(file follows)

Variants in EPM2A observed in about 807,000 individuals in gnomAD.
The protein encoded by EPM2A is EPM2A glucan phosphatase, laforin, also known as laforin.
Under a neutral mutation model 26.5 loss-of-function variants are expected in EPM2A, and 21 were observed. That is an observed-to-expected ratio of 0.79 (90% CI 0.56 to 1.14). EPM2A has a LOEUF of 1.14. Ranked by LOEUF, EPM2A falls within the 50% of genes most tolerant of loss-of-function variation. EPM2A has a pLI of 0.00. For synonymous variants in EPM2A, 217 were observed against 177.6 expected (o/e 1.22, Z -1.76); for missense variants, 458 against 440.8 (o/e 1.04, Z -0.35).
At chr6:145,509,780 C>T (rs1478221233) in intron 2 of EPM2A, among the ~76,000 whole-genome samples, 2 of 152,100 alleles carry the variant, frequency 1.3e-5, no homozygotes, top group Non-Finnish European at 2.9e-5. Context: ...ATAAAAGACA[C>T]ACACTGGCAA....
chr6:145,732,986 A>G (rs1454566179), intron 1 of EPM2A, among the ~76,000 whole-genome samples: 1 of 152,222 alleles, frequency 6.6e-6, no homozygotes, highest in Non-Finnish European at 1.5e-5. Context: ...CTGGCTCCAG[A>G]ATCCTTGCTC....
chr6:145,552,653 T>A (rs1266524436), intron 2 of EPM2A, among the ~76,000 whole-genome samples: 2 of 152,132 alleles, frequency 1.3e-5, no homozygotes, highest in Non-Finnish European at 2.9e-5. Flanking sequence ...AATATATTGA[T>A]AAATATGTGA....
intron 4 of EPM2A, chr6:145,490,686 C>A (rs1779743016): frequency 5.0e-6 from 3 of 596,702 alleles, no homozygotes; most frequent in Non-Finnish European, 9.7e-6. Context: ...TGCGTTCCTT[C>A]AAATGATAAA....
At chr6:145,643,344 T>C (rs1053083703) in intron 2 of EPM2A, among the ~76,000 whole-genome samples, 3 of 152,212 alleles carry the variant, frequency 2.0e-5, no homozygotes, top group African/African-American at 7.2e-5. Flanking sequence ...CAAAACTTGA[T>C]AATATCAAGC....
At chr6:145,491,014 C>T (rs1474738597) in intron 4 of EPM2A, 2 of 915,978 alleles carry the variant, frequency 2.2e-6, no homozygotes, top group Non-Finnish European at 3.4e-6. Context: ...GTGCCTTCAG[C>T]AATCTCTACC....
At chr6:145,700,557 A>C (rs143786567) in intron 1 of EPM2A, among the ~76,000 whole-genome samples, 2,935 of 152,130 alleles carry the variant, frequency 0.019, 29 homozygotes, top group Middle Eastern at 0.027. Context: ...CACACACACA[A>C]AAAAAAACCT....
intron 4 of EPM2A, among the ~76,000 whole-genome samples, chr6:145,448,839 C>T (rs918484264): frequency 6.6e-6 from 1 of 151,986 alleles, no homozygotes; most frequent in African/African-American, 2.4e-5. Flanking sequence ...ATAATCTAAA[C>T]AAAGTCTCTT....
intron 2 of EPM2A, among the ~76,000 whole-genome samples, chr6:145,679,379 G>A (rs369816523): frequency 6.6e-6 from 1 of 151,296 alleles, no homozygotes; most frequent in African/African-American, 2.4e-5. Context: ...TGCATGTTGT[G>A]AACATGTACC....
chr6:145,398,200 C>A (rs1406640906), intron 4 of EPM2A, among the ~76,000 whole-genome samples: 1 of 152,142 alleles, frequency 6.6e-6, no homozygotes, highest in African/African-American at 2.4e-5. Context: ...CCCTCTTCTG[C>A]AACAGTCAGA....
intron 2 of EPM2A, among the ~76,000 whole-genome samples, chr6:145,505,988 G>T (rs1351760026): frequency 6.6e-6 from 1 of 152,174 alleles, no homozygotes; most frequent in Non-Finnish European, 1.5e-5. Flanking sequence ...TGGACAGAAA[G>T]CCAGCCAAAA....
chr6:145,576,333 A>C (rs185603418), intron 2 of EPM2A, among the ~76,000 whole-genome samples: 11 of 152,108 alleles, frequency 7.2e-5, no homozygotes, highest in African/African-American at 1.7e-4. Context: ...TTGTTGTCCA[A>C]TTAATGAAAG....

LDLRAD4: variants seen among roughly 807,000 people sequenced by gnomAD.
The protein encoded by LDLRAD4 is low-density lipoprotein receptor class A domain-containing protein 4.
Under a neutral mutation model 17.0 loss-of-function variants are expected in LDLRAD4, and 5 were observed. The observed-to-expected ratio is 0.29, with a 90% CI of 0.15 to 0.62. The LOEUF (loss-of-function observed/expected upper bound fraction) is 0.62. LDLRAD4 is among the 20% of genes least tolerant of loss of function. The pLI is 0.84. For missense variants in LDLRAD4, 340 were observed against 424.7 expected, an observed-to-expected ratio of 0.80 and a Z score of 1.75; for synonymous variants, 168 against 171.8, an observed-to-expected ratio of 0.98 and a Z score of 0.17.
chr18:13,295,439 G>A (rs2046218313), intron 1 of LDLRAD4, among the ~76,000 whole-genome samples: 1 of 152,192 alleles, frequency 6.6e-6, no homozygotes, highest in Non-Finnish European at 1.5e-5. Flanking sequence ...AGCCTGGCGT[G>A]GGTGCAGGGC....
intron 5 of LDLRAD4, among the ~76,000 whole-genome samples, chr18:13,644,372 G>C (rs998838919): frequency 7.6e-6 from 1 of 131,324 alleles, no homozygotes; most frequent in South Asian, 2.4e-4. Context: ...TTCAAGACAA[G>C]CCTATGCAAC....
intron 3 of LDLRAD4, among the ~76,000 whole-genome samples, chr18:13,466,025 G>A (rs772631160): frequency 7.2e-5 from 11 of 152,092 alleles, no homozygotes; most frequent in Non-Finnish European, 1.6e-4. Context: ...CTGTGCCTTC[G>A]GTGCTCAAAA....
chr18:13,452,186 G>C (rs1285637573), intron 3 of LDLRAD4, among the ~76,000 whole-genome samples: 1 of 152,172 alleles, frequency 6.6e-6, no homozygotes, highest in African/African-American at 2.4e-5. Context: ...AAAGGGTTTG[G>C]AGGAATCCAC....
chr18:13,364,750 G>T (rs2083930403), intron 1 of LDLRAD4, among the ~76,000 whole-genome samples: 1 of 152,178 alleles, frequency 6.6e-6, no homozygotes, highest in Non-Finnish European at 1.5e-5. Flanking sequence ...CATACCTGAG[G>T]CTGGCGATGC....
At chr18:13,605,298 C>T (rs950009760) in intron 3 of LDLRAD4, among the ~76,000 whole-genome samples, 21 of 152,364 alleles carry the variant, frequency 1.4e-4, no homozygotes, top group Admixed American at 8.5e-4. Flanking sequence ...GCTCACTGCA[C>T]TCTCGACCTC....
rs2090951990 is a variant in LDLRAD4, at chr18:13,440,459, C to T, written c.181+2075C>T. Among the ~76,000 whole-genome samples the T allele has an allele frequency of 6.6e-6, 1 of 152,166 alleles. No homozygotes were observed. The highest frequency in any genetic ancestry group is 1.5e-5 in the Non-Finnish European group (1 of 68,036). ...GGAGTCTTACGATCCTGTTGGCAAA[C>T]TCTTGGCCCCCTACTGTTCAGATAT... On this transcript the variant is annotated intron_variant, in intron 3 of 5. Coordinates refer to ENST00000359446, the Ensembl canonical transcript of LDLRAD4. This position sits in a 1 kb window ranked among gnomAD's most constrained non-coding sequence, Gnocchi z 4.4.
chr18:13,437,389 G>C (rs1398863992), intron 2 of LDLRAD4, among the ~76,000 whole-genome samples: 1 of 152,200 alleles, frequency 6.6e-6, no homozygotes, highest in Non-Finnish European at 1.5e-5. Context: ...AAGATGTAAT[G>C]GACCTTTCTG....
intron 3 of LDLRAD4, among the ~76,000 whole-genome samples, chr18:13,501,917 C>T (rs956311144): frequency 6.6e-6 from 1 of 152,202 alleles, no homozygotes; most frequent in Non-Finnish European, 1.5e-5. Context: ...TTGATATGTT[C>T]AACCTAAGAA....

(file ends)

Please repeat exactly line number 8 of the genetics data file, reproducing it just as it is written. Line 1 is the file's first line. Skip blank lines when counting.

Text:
At chr6:145,643,344 T>C (rs1053083703) in intron 2 of EPM2A, among the ~76,000 whole-genome samples, 3 of 152,212 alleles carry the variant, frequency 2.0e-5, no homozygotes, top group African/African-American at 7.2e-5. Flanking sequence ...CAAAACTTGA[T>C]AATATCAAGC....